As we get started in 1st Peter, check out the Bible Project video for an excellent overview of the book:
Peter is writing to Gentile Christians spread throughout the Roman Empire. Although we are often tempted to browse over the first verses of New Testament books as the ol’ apostolic introduction, they are usually very helpful in understanding the book. Peter, in verses 1 & 2, is no different.
Peter is using Old Testament covenant language here in reference to Gentile believers. These verses refer to God’s power and their status before Him. This is very important for the book of 1st Peter. This book is about hope for suffering Christians. Hope is found, not in our ability, but in God’s ability to fulfill his promises.
I had a professor in seminary that would often say, “What God has done in the past is a pattern and a promise for what he will do in the future, but He’s too creative to do the same thing the same way twice.” The Exodus and Babylonian Exile show a microcosm of the lengths to which God will go that people will come to know Him. Exile means suffering for God’s people, but the possibility of redemption for those who do not yet know Him.
We as Gentile believers fit squarely in what Peter is saying. We are in a time of Exile. This world is not our home. We have been grafted into God’s family (Romans 11) and have the future hope that has been promised. But we also have the obligation of the family business and the family reputation. The business is to see people brought into the family. However, our reputation brings resentment and hostility from a lost and dying world.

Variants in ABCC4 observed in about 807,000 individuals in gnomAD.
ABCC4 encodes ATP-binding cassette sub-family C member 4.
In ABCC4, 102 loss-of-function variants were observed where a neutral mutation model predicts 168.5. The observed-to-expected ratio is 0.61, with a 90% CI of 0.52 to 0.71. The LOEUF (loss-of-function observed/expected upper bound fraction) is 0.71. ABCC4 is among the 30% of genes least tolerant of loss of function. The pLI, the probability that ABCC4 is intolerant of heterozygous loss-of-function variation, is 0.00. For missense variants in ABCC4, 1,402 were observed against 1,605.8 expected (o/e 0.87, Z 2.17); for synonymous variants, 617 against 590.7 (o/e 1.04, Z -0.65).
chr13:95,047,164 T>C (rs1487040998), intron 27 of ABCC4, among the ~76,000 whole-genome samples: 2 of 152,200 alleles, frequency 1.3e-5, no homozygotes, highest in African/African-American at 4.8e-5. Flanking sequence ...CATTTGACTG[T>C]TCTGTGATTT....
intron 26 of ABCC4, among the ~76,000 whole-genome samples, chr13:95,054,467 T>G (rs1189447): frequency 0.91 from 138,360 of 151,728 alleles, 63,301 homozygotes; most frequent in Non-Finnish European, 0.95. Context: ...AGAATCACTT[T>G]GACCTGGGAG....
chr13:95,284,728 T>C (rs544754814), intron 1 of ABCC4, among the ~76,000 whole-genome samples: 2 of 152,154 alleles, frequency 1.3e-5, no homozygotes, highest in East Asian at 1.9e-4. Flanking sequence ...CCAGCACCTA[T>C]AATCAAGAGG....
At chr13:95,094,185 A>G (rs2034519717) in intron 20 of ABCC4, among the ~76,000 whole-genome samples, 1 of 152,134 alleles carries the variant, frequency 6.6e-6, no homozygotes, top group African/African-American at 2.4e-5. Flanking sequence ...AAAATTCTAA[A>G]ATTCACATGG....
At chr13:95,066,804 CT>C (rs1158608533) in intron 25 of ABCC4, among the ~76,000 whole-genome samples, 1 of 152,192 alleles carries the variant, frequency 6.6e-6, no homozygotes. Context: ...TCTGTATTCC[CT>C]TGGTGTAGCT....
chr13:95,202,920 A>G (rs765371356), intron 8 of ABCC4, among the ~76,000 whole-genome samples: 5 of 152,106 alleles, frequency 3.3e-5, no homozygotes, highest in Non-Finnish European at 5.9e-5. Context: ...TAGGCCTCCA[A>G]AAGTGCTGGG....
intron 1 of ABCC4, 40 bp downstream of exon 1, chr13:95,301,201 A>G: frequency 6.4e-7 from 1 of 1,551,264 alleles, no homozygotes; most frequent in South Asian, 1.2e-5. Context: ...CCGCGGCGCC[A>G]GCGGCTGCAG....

Nobody has more authority to write such a letter of hope than Peter. As an apostle, Peter is famous for sticking his foot in his mouth, and denying Christ three times during Jesus’ mock trials. After Jesus’ resurrection, Jesus redeems Peter on a beach through three confessions of love. Jesus then tells Peter the haunting news that he would be martyred for the faith (John 21:18–19).
Peter knew that one day he would die for Jesus. It would be violent and torturous. And yet, Peter did ministry seemingly haunted by his denials of Christ. He knew his end, and nothing would prevent his faithful obedience ever again.
Church, we may not know how we’re going to die. We just know we will. We may have the family reputation, but we must be about the family business. Like Peter, we must content ourselves with the inevitability of suffering. God is still good, even in suffering. He NEVER wastes our suffering. We may not understand it, but we can trust that it is used. Even still, our job is to suffer well through obedience, worship, and witness as we will continue to see in the rest of 1st Peter.
By: Tyler Short — Connections Ministry Associate